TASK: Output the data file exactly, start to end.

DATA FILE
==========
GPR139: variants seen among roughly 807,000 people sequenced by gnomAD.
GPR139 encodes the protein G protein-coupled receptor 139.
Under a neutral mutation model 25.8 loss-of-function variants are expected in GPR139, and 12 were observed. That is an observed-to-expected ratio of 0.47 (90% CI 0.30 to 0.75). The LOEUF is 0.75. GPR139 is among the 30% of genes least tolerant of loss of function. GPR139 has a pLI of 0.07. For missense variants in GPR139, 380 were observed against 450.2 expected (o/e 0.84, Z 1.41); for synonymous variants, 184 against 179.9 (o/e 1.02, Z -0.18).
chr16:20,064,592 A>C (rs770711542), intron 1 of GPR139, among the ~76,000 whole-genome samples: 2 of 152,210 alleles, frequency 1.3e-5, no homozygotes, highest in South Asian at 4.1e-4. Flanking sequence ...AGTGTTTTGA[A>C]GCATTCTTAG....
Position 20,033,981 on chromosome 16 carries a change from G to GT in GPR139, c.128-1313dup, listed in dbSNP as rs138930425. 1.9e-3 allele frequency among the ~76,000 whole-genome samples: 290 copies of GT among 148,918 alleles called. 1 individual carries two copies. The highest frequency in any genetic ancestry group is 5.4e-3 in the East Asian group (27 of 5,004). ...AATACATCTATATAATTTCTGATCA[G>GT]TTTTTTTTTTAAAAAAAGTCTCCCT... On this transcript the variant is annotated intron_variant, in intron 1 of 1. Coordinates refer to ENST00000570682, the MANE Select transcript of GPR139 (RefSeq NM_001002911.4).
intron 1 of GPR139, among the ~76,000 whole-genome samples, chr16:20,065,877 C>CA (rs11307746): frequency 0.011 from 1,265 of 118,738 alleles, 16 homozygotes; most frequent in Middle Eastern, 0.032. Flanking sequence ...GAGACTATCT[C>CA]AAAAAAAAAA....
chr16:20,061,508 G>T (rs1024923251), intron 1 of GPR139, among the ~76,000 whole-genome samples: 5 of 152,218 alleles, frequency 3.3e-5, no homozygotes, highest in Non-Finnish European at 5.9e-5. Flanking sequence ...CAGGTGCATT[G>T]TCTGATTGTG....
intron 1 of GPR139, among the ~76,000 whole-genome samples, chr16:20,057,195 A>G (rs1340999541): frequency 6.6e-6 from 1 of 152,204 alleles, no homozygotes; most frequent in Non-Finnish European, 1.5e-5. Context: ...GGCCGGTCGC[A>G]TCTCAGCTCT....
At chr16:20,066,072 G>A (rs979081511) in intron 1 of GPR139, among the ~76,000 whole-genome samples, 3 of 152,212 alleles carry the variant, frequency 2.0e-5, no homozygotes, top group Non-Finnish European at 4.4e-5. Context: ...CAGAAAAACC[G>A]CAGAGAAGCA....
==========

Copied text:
GPR139: variants seen among roughly 807,000 people sequenced by gnomAD.
GPR139 encodes the protein G protein-coupled receptor 139.
Under a neutral mutation model 25.8 loss-of-function variants are expected in GPR139, and 12 were observed. That is an observed-to-expected ratio of 0.47 (90% CI 0.30 to 0.75). The LOEUF is 0.75. GPR139 is among the 30% of genes least tolerant of loss of function. GPR139 has a pLI of 0.07. For missense variants in GPR139, 380 were observed against 450.2 expected (o/e 0.84, Z 1.41); for synonymous variants, 184 against 179.9 (o/e 1.02, Z -0.18).
chr16:20,064,592 A>C (rs770711542), intron 1 of GPR139, among the ~76,000 whole-genome samples: 2 of 152,210 alleles, frequency 1.3e-5, no homozygotes, highest in South Asian at 4.1e-4. Flanking sequence ...AGTGTTTTGA[A>C]GCATTCTTAG....
Position 20,033,981 on chromosome 16 carries a change from G to GT in GPR139, c.128-1313dup, listed in dbSNP as rs138930425. 1.9e-3 allele frequency among the ~76,000 whole-genome samples: 290 copies of GT among 148,918 alleles called. 1 individual carries two copies. The highest frequency in any genetic ancestry group is 5.4e-3 in the East Asian group (27 of 5,004). ...AATACATCTATATAATTTCTGATCA[G>GT]TTTTTTTTTTAAAAAAAGTCTCCCT... On this transcript the variant is annotated intron_variant, in intron 1 of 1. Coordinates refer to ENST00000570682, the MANE Select transcript of GPR139 (RefSeq NM_001002911.4).
intron 1 of GPR139, among the ~76,000 whole-genome samples, chr16:20,065,877 C>CA (rs11307746): frequency 0.011 from 1,265 of 118,738 alleles, 16 homozygotes; most frequent in Middle Eastern, 0.032. Flanking sequence ...GAGACTATCT[C>CA]AAAAAAAAAA....
chr16:20,061,508 G>T (rs1024923251), intron 1 of GPR139, among the ~76,000 whole-genome samples: 5 of 152,218 alleles, frequency 3.3e-5, no homozygotes, highest in Non-Finnish European at 5.9e-5. Flanking sequence ...CAGGTGCATT[G>T]TCTGATTGTG....
intron 1 of GPR139, among the ~76,000 whole-genome samples, chr16:20,057,195 A>G (rs1340999541): frequency 6.6e-6 from 1 of 152,204 alleles, no homozygotes; most frequent in Non-Finnish European, 1.5e-5. Context: ...GGCCGGTCGC[A>G]TCTCAGCTCT....
At chr16:20,066,072 G>A (rs979081511) in intron 1 of GPR139, among the ~76,000 whole-genome samples, 3 of 152,212 alleles carry the variant, frequency 2.0e-5, no homozygotes, top group Non-Finnish European at 4.4e-5. Context: ...CAGAAAAACC[G>A]CAGAGAAGCA....